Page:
An extract on #bbggirls
In 1893 she married Henry Gauthier-Villars (18591931) or 'Willy', his nom-de-plume, a well-known author and publisher, and her first four novelsthe four Claudine stories, Claudine l'cole (1900), Claudine Paris (1901), Claudine en menage (1902), and Claudine s'en va (1903)appeared under his name. They chart the coming of age of their heroine, Claudine, from an unconventional fifteen-year-old in a Burgundian village to the literary salons of turn-of-the-century Paris. (The four are published in English as Claudine at School, Claudine in Paris, Claudine Married, and Claudine and Annie). The story they tell is semi-autobiographical, but not entirelymost strikingly, Claudine, unlike Colette, is motherless.
Willy, fourteen years older than his wife and one of the most notorious libertines in Paris, introduced Colette into avant-garde intellectual and artistic circles while engaging in sexual affairs and encouraging her own lesbian dalliances. It was he who chose the titillating subject-matter of the Claudine novels, "the secondary myth of Sappho...the girls' school or convent ruled by a seductive female teacher" (Ladimer, p. 53). Colette later said that she would never have become a writer if not for Willy.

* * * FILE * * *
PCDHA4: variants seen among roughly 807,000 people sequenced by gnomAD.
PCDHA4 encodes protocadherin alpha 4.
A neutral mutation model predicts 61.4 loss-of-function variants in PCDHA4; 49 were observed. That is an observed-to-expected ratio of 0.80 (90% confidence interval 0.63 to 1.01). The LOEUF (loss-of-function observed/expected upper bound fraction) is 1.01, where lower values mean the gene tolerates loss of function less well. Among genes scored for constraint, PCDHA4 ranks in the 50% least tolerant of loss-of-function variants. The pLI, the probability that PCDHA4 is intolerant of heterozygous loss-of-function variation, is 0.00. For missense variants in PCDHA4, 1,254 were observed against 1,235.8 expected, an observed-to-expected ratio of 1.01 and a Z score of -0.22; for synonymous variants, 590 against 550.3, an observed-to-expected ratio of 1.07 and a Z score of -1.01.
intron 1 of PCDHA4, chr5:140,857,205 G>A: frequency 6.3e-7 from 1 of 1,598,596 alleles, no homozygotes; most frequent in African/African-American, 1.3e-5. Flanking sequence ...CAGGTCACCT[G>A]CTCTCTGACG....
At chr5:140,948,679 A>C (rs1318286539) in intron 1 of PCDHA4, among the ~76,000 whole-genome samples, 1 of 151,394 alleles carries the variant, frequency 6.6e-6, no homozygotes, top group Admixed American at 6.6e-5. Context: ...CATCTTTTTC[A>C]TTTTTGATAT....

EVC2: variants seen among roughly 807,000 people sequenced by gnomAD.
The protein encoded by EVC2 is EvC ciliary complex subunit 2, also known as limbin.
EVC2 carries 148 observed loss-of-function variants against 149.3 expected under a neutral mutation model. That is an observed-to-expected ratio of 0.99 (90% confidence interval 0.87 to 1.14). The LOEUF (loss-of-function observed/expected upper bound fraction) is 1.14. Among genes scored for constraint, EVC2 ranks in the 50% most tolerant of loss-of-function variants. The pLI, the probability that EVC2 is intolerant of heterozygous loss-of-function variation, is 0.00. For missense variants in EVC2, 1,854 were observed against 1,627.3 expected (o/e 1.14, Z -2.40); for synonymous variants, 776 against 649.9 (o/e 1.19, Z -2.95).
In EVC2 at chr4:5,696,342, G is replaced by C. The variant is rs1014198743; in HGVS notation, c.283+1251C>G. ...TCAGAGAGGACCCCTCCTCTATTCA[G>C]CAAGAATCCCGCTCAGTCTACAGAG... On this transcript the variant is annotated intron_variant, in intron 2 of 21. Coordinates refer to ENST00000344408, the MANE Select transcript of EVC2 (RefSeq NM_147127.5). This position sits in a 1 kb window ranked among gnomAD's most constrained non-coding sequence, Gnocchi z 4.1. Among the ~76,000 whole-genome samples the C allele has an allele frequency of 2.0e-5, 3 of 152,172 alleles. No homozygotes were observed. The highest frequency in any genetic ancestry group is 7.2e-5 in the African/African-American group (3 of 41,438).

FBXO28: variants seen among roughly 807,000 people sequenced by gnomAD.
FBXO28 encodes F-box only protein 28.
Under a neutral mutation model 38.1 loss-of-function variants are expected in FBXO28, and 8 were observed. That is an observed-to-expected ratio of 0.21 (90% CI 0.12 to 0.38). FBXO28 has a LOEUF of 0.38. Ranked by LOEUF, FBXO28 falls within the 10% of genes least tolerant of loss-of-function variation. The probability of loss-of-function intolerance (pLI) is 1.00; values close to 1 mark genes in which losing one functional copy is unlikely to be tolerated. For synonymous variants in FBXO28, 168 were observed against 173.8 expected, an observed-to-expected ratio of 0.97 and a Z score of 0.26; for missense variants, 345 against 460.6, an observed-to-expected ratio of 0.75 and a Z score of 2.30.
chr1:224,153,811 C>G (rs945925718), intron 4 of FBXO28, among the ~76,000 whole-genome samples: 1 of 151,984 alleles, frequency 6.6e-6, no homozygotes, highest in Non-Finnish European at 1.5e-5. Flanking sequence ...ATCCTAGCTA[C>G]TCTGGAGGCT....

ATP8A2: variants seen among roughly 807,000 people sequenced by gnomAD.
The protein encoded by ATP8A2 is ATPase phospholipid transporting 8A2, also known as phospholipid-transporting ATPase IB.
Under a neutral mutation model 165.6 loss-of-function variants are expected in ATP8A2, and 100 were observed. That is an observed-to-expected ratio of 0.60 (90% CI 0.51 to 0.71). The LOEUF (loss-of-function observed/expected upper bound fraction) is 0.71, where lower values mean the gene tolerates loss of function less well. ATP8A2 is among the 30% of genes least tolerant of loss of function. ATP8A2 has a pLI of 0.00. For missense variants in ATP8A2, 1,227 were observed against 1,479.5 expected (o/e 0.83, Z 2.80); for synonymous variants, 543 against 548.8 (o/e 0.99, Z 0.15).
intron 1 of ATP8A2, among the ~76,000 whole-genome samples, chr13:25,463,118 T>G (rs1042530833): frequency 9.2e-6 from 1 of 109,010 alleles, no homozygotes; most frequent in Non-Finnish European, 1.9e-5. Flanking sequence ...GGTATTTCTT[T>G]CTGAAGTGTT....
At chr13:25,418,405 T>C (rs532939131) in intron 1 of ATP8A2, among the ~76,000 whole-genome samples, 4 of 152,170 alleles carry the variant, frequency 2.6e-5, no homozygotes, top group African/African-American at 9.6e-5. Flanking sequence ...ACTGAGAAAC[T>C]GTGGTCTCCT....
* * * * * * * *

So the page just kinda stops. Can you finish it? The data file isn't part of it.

Colette and Willy separated in 1906, although it was not until 1910 that the divorce became final. She had no access to the sizable earnings of the Claudine booksthe copyright belonged to Willyand until 1912 she followed a stage career in music halls across France, sometimes playing Claudine in sketches from her own novels, earning barely enough to survive and often hungry and unwell. This period of her life is recalled in La Vagabonde (1910), which deals with women's independence in a male society, a theme to which she would regularly return in future works. During these years she embarked on a series of relationships with other women, notably with Mathilde de Morny, Marquise de Belbeuf ("Missy"), with whom she sometimes shared the stage. On January 3, 1907, an onstage kiss between Missy and Colette in a pantomime entitled Rve d'gypte caused a near-riot, and as a result they were no longer able to live together openly, although their relationship continued for another five years.
In 1912 she married Henry de Jouvenel, the editor of Le Matin. A daughter, Colette de Jouvenel, nicknamed Bel-Gazou, was born in 1913. During the war she devoted herself to journalism, but marriage allowed her to devote her time to writing.